Monday, April 18, 2016

A little wildflower hike with my kids

The kids had off from school today and I w=took off from work to hang out with them. We spent the morning hiking to a geocache in Frozen Head State Park, but the finding the cache was secondary to enjoying all the marvelous wildflowers. A splendid way to spend the morning.

Saturday, April 16, 2016

Silver Lining CITO

I don't know what it is about being a geocacher here in Tennessee, but I've hosted more CITOs than I ever did in New Mexico. Scratch that, all the CITOs I've hosted ahve been here in Tennessee. I'm sure it has nothing to do with the geography, and everything to do with me. Back in New Mexico I hardly only hosted two events and they were both right before we moved. I don't think I had matured as a geocacher to the point where I was ready to host events until then. But here in Tennessee I've hosted events pretty much since we moved here. Mostly, they've been CITO events, there are enough other type events where I haven't felt the urge/need to host one of those. There aren't that many CITO events though, and I actually like these kinds of events better than the typical event around here, which usually involves hanging out at a restaurant. I like CITOs because they involve an outdoor activity, and I am much more comfortable connecting with people in that kind of environment.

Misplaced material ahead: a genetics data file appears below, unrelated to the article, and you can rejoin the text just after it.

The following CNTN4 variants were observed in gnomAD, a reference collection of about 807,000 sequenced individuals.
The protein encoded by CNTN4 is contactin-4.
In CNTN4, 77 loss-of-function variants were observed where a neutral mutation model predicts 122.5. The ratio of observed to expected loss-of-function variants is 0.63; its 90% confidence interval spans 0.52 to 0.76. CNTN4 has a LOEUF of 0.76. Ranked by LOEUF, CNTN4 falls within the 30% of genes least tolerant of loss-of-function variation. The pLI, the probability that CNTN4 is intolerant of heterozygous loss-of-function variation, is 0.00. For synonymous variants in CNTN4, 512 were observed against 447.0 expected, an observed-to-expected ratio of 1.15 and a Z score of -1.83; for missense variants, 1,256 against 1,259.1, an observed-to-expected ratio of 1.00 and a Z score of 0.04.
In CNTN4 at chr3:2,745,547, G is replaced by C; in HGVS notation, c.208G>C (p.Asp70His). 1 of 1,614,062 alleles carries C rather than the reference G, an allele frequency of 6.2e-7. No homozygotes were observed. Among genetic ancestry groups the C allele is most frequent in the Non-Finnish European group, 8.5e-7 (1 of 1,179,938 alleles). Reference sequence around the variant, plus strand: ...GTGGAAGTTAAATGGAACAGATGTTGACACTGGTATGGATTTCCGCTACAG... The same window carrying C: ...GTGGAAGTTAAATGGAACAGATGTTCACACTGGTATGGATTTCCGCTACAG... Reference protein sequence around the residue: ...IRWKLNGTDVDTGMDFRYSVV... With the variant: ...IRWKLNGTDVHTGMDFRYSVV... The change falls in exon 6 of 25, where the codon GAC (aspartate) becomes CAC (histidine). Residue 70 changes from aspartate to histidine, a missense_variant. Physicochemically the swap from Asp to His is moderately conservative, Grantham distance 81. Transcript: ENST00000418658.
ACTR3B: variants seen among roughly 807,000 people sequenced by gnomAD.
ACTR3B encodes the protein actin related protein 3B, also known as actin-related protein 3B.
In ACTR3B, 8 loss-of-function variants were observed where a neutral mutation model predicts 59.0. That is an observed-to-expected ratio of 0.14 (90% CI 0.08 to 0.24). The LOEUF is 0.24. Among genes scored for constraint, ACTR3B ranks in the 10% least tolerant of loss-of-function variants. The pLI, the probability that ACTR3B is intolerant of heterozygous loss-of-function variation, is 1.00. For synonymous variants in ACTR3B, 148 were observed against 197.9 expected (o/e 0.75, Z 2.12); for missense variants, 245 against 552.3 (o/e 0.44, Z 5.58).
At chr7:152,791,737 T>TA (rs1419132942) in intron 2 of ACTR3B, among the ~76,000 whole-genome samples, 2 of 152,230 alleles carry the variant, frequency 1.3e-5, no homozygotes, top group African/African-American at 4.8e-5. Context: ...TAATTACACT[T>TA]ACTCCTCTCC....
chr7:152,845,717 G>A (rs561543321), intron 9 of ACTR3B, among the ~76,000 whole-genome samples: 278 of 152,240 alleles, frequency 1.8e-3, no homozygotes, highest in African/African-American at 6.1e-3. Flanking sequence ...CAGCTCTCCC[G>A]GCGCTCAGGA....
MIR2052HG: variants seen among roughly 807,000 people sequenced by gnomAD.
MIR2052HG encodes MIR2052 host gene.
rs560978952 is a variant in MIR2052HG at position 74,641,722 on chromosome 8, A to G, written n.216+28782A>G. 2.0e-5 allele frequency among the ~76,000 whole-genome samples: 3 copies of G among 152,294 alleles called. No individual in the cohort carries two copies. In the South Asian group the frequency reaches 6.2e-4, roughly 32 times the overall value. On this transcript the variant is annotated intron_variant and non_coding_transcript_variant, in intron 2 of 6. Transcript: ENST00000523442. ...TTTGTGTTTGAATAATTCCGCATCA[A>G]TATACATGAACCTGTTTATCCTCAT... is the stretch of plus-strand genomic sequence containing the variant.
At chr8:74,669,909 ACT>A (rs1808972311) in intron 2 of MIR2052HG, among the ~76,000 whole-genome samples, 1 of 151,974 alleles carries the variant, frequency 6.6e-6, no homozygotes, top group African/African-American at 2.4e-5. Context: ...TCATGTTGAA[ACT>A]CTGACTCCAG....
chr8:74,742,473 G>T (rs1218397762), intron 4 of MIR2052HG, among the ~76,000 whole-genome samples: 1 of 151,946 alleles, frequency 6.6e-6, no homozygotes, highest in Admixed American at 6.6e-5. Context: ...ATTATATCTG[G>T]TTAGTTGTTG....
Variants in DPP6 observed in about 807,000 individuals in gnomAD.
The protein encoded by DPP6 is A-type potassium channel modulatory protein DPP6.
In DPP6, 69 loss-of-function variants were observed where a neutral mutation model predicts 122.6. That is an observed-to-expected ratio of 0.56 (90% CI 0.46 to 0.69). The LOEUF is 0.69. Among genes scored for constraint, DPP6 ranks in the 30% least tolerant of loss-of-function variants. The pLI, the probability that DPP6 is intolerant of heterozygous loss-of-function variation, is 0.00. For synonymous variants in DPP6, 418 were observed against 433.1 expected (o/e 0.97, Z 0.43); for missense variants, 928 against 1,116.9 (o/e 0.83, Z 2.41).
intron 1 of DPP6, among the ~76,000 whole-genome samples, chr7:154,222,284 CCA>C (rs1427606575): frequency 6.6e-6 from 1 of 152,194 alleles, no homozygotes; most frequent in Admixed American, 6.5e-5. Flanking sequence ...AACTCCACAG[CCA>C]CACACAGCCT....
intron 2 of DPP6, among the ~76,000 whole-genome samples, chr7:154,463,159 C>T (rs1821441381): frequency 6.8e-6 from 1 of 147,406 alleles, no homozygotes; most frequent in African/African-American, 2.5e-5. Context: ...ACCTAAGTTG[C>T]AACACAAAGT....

Anyhow, I hosted my 4th CITO and it went really well. Two of my previous CITOs were in fairly remote areas and didn't have much of a turn-out. This one was in a county park close to everyone, and I also threw in a pot-luck dinner after the trash pick-up. Perhaps because of the social/eating aspect to the event, there were quite a few people who turned up. We spent an hour picking up trash along the fisherman trails. TO make things a little different, I spray-painted 4 "typical" pieces of trash chrome-silver and planted them in 4 different regions of the park. Keen-eyed geocachers who spotted this silver-lined trash during their CITO could redeem them for prizes. Two of the 4 were found and turned in, with a third being found but thrown into the trash bags by mistake. The 4th was never found, but I gave out the prizes anyways. Prizes are fun.
ONe of the silver lined refuse. Ended up using it as a logbook for the event.

Towards the end, I made an announcement that we are moving back to New Mexico this summer. The cachers and caches in this area are great, and I've really enjoyed my time here. Our next home will have a tough act to follow. I hope I continue to host CITOs though. It's a good way to get out and meet other local cachers.